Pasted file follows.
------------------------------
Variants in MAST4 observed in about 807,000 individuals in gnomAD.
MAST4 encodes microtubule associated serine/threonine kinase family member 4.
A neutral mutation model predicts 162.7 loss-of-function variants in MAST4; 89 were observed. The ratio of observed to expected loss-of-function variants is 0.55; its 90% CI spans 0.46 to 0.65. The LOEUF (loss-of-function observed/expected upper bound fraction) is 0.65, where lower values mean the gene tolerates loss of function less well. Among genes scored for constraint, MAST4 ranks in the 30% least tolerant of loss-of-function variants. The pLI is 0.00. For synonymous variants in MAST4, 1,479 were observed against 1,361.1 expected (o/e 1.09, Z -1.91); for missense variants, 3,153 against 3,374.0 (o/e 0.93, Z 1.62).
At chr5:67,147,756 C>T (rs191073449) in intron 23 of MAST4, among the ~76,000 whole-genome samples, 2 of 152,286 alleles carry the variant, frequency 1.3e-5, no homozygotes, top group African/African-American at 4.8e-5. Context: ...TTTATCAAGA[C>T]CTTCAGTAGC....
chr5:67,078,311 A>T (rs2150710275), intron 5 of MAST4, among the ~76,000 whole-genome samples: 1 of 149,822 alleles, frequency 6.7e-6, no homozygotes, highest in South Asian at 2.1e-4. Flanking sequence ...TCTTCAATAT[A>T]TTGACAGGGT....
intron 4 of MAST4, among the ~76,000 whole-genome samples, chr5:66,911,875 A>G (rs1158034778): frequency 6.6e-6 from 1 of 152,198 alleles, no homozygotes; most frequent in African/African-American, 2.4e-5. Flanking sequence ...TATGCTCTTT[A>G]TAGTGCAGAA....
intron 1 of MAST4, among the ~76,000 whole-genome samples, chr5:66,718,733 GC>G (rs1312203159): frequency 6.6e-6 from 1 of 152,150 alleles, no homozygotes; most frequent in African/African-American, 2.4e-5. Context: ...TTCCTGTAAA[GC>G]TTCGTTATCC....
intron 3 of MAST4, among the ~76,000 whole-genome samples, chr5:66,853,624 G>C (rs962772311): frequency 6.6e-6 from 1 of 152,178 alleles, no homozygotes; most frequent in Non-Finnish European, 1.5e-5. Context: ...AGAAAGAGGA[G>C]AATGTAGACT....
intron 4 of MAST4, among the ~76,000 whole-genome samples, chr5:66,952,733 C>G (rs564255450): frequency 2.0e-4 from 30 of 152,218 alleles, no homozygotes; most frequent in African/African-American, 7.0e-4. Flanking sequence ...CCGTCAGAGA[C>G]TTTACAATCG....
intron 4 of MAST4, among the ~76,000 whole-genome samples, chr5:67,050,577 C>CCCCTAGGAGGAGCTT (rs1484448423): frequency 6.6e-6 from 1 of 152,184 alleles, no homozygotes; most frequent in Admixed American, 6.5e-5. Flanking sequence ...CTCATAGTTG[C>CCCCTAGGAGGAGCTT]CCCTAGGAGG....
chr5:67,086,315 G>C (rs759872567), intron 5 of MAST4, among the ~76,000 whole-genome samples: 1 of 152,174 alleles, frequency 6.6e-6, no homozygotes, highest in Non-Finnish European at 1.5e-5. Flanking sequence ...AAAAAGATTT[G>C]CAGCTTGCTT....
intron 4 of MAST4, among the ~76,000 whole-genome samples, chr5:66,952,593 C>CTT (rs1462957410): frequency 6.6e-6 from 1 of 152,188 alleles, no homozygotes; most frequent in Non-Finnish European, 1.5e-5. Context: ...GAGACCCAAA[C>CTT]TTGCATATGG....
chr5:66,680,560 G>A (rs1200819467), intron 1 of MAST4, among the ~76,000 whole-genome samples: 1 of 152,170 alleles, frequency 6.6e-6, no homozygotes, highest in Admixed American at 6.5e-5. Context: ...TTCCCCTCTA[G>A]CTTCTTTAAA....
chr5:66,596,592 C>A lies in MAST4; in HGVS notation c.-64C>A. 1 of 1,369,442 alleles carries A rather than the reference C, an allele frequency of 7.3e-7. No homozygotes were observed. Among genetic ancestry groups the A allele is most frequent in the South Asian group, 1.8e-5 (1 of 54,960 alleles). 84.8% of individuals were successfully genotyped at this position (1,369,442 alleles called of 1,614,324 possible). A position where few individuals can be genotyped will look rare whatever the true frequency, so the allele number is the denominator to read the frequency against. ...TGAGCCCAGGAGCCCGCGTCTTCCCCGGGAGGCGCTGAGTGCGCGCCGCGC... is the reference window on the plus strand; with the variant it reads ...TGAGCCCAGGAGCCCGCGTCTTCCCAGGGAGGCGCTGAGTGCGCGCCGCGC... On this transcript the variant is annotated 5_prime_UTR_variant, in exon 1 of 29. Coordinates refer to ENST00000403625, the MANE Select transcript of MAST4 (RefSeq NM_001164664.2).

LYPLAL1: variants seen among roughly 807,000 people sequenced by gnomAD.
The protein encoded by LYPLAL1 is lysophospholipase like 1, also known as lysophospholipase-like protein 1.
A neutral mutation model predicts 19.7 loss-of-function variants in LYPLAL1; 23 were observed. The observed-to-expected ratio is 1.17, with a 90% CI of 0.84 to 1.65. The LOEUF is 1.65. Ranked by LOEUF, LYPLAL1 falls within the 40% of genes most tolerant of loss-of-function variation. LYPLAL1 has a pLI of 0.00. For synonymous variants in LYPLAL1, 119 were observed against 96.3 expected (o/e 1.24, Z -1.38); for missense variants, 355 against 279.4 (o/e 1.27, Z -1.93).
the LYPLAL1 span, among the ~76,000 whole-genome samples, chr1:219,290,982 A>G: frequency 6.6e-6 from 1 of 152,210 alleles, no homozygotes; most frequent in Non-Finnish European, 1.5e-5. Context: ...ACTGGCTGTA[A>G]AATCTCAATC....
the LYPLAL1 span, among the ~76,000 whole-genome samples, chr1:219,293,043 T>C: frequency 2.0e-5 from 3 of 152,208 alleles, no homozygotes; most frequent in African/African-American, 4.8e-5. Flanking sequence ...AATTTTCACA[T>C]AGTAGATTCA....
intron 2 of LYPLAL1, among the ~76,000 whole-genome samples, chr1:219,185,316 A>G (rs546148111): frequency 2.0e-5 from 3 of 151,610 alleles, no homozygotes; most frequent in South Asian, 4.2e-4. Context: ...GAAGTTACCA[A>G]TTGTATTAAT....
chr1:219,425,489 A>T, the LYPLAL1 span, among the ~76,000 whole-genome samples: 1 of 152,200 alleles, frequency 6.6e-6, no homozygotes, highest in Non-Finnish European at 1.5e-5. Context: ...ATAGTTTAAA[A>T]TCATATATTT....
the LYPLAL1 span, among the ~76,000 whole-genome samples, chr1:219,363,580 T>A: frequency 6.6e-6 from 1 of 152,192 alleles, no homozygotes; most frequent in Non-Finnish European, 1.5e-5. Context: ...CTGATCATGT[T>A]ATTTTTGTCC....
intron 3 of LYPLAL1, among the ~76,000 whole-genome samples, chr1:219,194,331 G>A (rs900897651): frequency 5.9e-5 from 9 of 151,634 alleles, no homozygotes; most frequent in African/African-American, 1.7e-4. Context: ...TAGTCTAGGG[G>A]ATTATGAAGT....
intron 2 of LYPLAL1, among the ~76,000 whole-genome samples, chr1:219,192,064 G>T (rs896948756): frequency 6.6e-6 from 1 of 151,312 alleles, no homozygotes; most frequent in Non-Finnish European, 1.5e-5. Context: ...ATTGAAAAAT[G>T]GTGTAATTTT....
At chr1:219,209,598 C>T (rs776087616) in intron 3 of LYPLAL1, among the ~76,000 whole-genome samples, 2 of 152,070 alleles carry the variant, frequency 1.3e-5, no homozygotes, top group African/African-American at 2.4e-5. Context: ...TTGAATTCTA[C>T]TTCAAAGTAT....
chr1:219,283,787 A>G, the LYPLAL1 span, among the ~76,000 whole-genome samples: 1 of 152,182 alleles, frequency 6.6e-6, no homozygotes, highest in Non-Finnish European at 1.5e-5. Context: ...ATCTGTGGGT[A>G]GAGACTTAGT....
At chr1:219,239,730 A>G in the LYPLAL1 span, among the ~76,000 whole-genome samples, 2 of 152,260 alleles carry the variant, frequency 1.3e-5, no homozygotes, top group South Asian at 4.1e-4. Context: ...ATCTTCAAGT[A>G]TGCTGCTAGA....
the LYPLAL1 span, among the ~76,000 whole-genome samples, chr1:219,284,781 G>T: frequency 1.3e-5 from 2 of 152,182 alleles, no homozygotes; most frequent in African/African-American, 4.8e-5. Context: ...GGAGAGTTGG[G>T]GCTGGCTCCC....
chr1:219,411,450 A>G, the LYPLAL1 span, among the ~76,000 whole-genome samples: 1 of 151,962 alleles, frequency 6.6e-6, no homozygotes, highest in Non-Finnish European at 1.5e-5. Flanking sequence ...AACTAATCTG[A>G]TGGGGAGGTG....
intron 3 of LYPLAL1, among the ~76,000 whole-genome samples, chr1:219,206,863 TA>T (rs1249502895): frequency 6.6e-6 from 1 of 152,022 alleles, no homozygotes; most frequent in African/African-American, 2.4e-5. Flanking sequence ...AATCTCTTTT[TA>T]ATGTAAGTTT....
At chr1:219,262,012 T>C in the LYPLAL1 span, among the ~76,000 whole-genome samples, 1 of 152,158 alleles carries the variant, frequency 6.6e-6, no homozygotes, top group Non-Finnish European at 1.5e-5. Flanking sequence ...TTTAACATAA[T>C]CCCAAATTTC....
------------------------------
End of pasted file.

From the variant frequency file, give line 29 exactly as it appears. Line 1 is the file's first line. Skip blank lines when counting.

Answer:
chr1:219,411,450 A>G, the LYPLAL1 span, among the ~76,000 whole-genome samples: 1 of 151,962 alleles, frequency 6.6e-6, no homozygotes, highest in Non-Finnish European at 1.5e-5. Flanking sequence ...AACTAATCTG[A>G]TGGGGAGGTG....